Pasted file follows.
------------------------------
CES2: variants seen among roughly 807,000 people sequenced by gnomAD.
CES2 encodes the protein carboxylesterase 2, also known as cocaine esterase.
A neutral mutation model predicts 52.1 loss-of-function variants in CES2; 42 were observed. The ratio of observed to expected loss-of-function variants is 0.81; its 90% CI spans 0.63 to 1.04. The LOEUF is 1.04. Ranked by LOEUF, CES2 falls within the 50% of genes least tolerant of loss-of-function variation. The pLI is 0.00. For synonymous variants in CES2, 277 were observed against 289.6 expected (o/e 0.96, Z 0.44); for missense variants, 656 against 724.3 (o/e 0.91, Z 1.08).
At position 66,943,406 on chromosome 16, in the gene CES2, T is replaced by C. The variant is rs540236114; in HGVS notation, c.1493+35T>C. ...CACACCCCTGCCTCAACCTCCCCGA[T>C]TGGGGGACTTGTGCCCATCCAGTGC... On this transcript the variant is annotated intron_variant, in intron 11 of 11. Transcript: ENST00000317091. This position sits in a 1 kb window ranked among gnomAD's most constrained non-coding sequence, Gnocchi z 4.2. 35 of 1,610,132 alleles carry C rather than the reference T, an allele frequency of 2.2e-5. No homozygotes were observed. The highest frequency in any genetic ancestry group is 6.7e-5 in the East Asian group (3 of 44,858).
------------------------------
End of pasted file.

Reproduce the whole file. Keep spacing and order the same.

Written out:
CES2: variants seen among roughly 807,000 people sequenced by gnomAD.
CES2 encodes the protein carboxylesterase 2, also known as cocaine esterase.
A neutral mutation model predicts 52.1 loss-of-function variants in CES2; 42 were observed. The ratio of observed to expected loss-of-function variants is 0.81; its 90% CI spans 0.63 to 1.04. The LOEUF is 1.04. Ranked by LOEUF, CES2 falls within the 50% of genes least tolerant of loss-of-function variation. The pLI is 0.00. For synonymous variants in CES2, 277 were observed against 289.6 expected (o/e 0.96, Z 0.44); for missense variants, 656 against 724.3 (o/e 0.91, Z 1.08).
At position 66,943,406 on chromosome 16, in the gene CES2, T is replaced by C. The variant is rs540236114; in HGVS notation, c.1493+35T>C. ...CACACCCCTGCCTCAACCTCCCCGA[T>C]TGGGGGACTTGTGCCCATCCAGTGC... On this transcript the variant is annotated intron_variant, in intron 11 of 11. Transcript: ENST00000317091. This position sits in a 1 kb window ranked among gnomAD's most constrained non-coding sequence, Gnocchi z 4.2. 35 of 1,610,132 alleles carry C rather than the reference T, an allele frequency of 2.2e-5. No homozygotes were observed. The highest frequency in any genetic ancestry group is 6.7e-5 in the East Asian group (3 of 44,858).